The persistent low interest rate environment could result in further Pensionsakssen in Germany having to cut pension benefits in the next few years if sponsoring companies decide not to grant financial funding.

In some cases, employers are not ready to inject funds into Pensionskassen in distress to avoid pension cuts for their employees, and these cases “are problematic,” the executive director at the German Financial Supervisory Authority BaFin said in an interview with the Deutsche Presse-Agentur.

Therefore it “cannot be ruled out” that there will be instances where Pensionskassen decide to further cut pension benefits in the years ahead, Grund explained, adding that, however, he does not expect “larger cases” to surface.

Sponsoring companies are willing to inject financing, instead, for “quite a number” of Pensionskassen to avoid occupational pension cuts at the cost of their employees, Grund added.

According to the executive director, around 90% of pension obligations of Pensionskassen are fully protected by the mutual insurance association for German occupational pension schemes, the Pensions-Sicherungs-Verein VVaG (PSVaG), from the beginning of this year.

The PSVaG steps in if a Pensionskasse cuts its pensions benefits and the employer cannot finance them, for example in the case of bankruptcy.

For this year the PSVaG has set the contribution rate for members at 0.6‰ (promille), but the lifeboat scheme believes that the conditions leading to an extraordinarily low contribution rate last year will not occur again in 2022, and the contribution rate will be significantly higher, it said in a statement.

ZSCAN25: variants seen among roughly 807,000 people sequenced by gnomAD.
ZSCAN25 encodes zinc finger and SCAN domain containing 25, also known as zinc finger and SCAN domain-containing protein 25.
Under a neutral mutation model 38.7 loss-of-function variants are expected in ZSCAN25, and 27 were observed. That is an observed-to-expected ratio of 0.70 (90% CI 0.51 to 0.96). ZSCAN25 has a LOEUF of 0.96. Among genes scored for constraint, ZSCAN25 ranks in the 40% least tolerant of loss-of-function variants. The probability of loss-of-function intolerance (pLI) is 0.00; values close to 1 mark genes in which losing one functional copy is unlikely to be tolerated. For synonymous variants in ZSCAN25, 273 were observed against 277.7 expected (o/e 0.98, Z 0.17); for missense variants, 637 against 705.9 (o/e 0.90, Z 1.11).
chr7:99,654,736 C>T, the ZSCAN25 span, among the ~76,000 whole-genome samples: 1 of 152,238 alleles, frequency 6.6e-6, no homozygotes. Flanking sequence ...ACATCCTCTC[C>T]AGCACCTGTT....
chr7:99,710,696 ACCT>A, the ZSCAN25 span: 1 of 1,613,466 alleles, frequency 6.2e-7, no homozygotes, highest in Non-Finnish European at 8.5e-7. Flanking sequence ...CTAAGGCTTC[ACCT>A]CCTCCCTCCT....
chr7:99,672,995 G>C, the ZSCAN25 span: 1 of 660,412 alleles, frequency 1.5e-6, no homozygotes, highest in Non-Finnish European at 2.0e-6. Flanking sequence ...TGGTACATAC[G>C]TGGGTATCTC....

The Pensionskassen for the catholic aid organisation Caritas and its affiliate Kölner have had to cut benefits in the past and then liquidated their pension businesses following a restructuring process.

BaFin revoked the schemes’ licences to operate after they were unable to meet the minimum capital requirement. The regulator judged the financing plan submitted by the Pensionskassen to cover the underfunding “inadequate”, it said last year explaining the reason for revoking the licences.

Pensionskassen offer life-long pensions and suffer particularly from a long phase of low interest rates, Grund said at the Handelsblatt occupational pension forum last October.

If interest rates remain at the current level, and “that’s what I assume”, he said, Pensionskassen can meet the obligations only with “external support”, and if companies cannot agree on the support “it can happen that benefits are cut,” he added.

Last year the Bundestag, the German parliament, decided to ease the bailout of Pensionkassen, allowing from this year the possibility for individual companies to financially support Pensionskassen, therefore avoid seeking consensus with other sponsoring companies to restructure the assets.

BaFin has around 40 Pensionskassen under intensive supervision and a “single digit number” of Pensionskassen are under a “special focus”, among those the three Pensionskassen that have already cut their benefits, Grund said.

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